Park City developer of Treasure claims unequal treatment |

Park City developer of Treasure claims unequal treatment

Partnership says critics want to undo 1980s approval

Treasure developer Pat Sweeney, middle, shown during a 2016 Park City Planning Commission meeting about the project, says critics do not want the development to proceed. He is worried the Planning Commission is not fairly reviewing Treasure. The chairman of the Planning Commission, Adam Strachan, though, says there is “no doubt” the Treasure application has been reviewed “fairly and thoroughly.”

A member of the Treasure partnership on Monday questioned whether the Park City Planning Commission is fairly reviewing the hotly disputed project, contending the discussions have dwelled on details that other developers have not been made to address at the same point in the process.

Pat Sweeney, who represents his family in the Treasure discussions, said he has a good understanding of City Hall planning and zoning processes after helping shepherd other projects to an approval such as the Town Lift Plaza. The Planning Commission's review of Treasure has not proceeded in a similar fashion, he said.

"We think we're getting treated differently than others in the community. We're OK with being treated equally. We're not OK with being treated differently," Sweeney said.

Talks about Treasure between the Planning Commission and the development partnership have stretched for more than a decade with a series of starts and stops over the years. The Sweeney family in the 1980s secured an overall approval for development on the Treasure land and nearby parcels, but another permit is needed before the approximately 1 million-square-foot project can proceed. The land is now owned by a partnership involving the Sweeney family and a firm called Park City II, LLC.

Sweeney said he started to see a difference in the way the project was treated after Pat Putt, the onetime planning director at City Hall, departed nearly a decade ago.

Sweeney said issues related to the way the project has been treated include the Planning Commission review of traffic and utility blueprints. The Planning Commission has been especially interested in the traffic Treasure is projected to attract to roads like Lowell Avenue and Empire Avenue. Sweeney claimed Treasure proposes traffic-fighting measures like building a people mover known as a cabriolet and argues the expansion of skiing into Old Town was another move to fight traffic.

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The Planning Commission instead continues to dwell on the topic, Sweeney said, arguing traffic was not seen as a critical issue to the developer's side since the traffic-fighting measures were crafted.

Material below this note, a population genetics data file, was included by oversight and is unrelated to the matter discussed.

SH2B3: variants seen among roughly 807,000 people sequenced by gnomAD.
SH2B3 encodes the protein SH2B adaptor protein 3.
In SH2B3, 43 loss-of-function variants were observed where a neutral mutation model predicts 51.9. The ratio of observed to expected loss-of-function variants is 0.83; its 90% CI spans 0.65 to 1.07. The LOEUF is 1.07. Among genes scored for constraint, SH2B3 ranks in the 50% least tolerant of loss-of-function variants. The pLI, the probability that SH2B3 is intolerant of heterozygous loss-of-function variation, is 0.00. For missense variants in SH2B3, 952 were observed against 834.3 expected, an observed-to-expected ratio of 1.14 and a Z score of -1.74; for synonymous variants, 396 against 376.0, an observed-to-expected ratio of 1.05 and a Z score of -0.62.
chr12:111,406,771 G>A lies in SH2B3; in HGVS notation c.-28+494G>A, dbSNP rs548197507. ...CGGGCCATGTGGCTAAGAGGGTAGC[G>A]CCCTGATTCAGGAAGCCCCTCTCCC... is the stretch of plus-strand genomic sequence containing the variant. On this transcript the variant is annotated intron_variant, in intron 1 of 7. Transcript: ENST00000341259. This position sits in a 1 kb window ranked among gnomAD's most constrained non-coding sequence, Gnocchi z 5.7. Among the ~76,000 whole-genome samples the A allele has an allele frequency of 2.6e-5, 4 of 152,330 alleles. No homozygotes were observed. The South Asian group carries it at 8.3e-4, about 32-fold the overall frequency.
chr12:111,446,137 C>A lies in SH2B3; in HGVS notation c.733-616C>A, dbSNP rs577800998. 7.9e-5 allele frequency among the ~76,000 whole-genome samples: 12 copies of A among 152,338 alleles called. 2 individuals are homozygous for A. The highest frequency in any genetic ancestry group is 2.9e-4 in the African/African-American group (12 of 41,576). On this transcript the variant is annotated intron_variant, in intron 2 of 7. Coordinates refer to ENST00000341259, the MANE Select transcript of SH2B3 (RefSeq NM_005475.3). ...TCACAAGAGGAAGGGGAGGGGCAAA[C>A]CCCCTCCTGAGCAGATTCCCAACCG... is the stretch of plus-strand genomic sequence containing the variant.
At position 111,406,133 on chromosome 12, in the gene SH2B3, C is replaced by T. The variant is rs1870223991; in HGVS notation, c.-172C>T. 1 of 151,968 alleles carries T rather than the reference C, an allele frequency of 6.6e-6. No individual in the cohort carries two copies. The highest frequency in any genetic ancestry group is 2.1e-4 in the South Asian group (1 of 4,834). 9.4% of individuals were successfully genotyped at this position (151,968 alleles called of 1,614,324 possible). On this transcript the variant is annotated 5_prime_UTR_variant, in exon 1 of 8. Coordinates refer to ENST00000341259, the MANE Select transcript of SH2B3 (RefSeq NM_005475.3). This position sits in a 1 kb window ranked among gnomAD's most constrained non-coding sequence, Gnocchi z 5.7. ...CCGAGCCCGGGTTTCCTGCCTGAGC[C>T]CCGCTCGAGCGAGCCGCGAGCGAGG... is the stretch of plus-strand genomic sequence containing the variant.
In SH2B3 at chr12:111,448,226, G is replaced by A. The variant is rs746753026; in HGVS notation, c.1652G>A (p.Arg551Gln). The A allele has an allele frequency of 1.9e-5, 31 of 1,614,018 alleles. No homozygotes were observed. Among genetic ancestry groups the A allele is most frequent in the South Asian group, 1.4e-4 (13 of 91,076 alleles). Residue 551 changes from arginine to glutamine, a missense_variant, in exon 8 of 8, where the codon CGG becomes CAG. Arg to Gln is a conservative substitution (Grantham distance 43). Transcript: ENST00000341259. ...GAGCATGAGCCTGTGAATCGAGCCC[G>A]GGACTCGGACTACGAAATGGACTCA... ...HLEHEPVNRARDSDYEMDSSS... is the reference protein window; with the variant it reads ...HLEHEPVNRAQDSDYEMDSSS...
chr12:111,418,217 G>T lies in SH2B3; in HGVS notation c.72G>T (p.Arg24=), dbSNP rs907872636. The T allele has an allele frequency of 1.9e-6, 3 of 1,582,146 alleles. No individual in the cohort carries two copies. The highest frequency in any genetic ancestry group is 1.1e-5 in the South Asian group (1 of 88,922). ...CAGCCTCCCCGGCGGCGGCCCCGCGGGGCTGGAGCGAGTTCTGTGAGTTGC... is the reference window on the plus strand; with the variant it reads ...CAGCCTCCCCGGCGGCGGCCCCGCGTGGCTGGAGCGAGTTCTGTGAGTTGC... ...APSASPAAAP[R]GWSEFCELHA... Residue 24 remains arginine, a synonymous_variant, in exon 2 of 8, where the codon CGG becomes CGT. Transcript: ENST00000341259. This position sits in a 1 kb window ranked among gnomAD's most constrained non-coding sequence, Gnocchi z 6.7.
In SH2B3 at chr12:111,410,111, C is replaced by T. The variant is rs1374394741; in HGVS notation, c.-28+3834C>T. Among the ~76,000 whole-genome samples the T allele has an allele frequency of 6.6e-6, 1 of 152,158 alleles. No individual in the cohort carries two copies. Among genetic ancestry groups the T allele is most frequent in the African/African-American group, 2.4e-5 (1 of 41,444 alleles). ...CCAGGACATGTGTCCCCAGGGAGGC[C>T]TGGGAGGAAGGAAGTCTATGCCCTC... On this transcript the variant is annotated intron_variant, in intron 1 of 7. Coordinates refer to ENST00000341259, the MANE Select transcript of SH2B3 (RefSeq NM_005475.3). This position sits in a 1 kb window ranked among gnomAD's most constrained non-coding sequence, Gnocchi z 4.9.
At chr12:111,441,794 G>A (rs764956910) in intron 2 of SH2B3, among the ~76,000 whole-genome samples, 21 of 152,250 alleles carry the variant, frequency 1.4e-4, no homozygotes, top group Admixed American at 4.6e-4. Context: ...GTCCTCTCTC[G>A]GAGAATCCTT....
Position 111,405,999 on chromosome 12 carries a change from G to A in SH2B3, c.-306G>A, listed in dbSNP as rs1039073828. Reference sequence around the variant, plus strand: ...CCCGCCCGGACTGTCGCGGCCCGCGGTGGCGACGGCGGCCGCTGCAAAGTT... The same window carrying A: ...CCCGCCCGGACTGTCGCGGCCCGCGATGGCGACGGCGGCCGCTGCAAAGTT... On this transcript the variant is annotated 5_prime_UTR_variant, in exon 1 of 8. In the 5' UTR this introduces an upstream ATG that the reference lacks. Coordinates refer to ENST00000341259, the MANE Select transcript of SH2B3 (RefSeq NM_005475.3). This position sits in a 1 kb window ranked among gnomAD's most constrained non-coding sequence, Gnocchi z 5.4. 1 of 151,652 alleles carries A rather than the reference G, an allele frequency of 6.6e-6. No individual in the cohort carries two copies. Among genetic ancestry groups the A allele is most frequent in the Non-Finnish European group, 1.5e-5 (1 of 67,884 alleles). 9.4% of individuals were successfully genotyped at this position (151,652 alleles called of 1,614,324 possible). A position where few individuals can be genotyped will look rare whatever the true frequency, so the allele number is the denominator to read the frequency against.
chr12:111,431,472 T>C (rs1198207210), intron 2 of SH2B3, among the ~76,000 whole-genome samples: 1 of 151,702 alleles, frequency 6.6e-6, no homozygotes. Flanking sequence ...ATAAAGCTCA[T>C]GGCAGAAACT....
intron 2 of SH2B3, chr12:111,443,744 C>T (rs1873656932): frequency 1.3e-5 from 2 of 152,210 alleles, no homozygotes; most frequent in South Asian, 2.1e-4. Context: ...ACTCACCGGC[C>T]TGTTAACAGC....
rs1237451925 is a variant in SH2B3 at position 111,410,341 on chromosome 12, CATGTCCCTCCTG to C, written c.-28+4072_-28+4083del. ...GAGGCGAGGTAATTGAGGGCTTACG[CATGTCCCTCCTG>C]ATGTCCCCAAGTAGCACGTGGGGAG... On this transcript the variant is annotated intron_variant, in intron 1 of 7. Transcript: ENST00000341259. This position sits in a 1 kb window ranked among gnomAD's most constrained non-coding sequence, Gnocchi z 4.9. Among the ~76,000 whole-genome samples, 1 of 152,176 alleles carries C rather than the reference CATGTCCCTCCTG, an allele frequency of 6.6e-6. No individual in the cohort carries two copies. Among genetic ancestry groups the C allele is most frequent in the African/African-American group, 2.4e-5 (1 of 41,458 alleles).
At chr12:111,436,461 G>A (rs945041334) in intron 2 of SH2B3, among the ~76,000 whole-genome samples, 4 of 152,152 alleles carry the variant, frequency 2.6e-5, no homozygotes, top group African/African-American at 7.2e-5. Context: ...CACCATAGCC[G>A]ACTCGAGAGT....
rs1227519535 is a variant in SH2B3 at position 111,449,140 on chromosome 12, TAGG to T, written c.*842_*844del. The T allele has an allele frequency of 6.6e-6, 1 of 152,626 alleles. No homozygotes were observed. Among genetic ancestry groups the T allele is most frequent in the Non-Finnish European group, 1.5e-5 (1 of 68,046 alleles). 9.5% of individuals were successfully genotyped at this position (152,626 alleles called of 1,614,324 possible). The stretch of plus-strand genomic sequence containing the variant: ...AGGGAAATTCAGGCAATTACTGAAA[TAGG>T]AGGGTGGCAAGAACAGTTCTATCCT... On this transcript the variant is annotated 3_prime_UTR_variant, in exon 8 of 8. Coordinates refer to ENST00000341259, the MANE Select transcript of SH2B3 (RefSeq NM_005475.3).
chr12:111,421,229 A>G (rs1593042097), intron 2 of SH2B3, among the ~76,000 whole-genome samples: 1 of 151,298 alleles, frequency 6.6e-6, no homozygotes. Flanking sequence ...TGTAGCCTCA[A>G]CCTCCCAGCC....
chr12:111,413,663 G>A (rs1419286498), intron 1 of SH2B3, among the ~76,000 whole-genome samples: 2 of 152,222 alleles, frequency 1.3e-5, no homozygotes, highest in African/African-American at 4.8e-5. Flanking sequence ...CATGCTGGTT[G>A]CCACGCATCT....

"It seems like, no pun intended, it's a good place to park the process. Just have it sit there," Sweeney said about the discussions about traffic.

Sweeney, meanwhile, said the Planning Department has ignored some of the discussions in the 1980s that resulted in the overall approval. He claimed staffers of today have not objectively represented the earlier approval in Planning Department reports.

Sweeney, as an example, said the current Planning Department calculations of square footage do not properly account for the width of hallways.

"I don't think it would be a reach to say that people do not want this master plan to happen. They just don't," he said, adding, "They're basically trying to undo that decision is our perspective."

Planning Commission rosters over the years have expressed deep-rooted concern about Treasure, focusing on issues like traffic, square footage, building heights and construction issues.

The current Planning Commission's concerns have seemed more focused, though, likely a result of the Treasure partnership's interest in a vote by the panel shortly.

The chairman of the Planning Commission, Adam Strachan, said in an interview the panel's review of Treasure has been "undeniably, no doubt" fair and full. Anyone who has closely followed the Treasure discussions would understand the statement, he said.

"No doubt we've treated the application fairly and thoroughly," Strachan said, adding that the core of the review is not influenced by the breadth of Treasure. "The size and scope of the project does not change the fairness of the process."

The Treasure land is located on a hillside overlooking Old Town along the route of the Town Lift. It is off streets like Lowell Avenue and Empire Avenue. Opponents argue Treasure-related traffic would overwhelm Old Town roads and the buildings would loom over Old Town.

The Planning Commission is scheduled to continue the Treasure discussions at a meeting on Wednesday starting at 5:30 p.m. in the Park City Council chambers at the Marsac Building. A hearing is scheduled.

The Treasure side hopes the Planning Commission will be prepared to cast a vote by the end of the year, possibly on Dec. 13.